Indrajeet Mookherjee: Thank you, Sreeni. Delighted to be here, thank you very much for having me.

K.G. SREENIVAS: Indro, in 2016, when you joined Dentsu India, you said and I quote, “This is now an exciting time for communication business in India, rules being rewritten and Dentsu India has been in the forefront leading this change.” In four years, how have things changed, today as we stand in 2020, how do you look back at those four years before we come down to what exactly is happening today?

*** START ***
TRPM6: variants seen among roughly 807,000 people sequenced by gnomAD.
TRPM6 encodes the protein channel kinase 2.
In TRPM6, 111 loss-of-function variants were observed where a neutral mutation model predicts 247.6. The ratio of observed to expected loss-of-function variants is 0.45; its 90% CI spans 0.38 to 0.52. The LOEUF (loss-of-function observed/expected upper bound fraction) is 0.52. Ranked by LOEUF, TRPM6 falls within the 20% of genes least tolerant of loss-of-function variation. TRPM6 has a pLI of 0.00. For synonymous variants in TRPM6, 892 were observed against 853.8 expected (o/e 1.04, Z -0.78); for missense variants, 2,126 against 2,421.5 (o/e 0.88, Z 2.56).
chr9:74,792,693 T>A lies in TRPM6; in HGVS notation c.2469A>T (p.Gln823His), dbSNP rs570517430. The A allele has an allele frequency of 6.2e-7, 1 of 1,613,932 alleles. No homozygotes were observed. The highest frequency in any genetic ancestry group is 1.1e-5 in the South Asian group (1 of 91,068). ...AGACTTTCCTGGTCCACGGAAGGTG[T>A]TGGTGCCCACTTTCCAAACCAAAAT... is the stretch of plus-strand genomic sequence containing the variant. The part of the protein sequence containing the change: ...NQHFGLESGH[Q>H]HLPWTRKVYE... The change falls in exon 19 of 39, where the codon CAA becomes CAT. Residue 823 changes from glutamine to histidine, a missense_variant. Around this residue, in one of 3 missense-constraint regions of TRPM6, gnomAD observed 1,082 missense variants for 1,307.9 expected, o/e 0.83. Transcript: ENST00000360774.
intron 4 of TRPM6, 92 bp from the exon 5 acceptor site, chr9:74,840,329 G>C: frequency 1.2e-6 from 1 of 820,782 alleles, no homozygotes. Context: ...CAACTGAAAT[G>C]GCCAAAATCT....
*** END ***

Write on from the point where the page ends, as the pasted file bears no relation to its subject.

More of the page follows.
INDRO: I think the last four years have been pretty exciting. At the time when I joined the agency our dependence on certain categories, our dependence on certain clients was significant and what we managed to do is over the last couple of years opened the agency into other sectors. And the other thing that we have done is that we have also looked at new disciplines so we now have our own digital agency called Dentsu India Slingshot. We do work in brand consultancy, we do work in design, so apart from you know traditional work that used to happen over some of the large clients that we had, we are looking to do work across the stream. It’s more kind of through the line than any one particular discipline. The other thing I think which is kind of very core to what we do at Dentsu India is that we believe that you know the dreams of every marketer whether large or small are the same — to be successful. And you know we have partnered large multinationals, we have also partnered startups, so at the end of day it’s about you know making dreams come to life. We are equally adept at managing large businesses and also smaller businesses and there will now be a host of them that we have partnered over the last four years to kind of help them grow. So that’s something that one has seen over the last few years.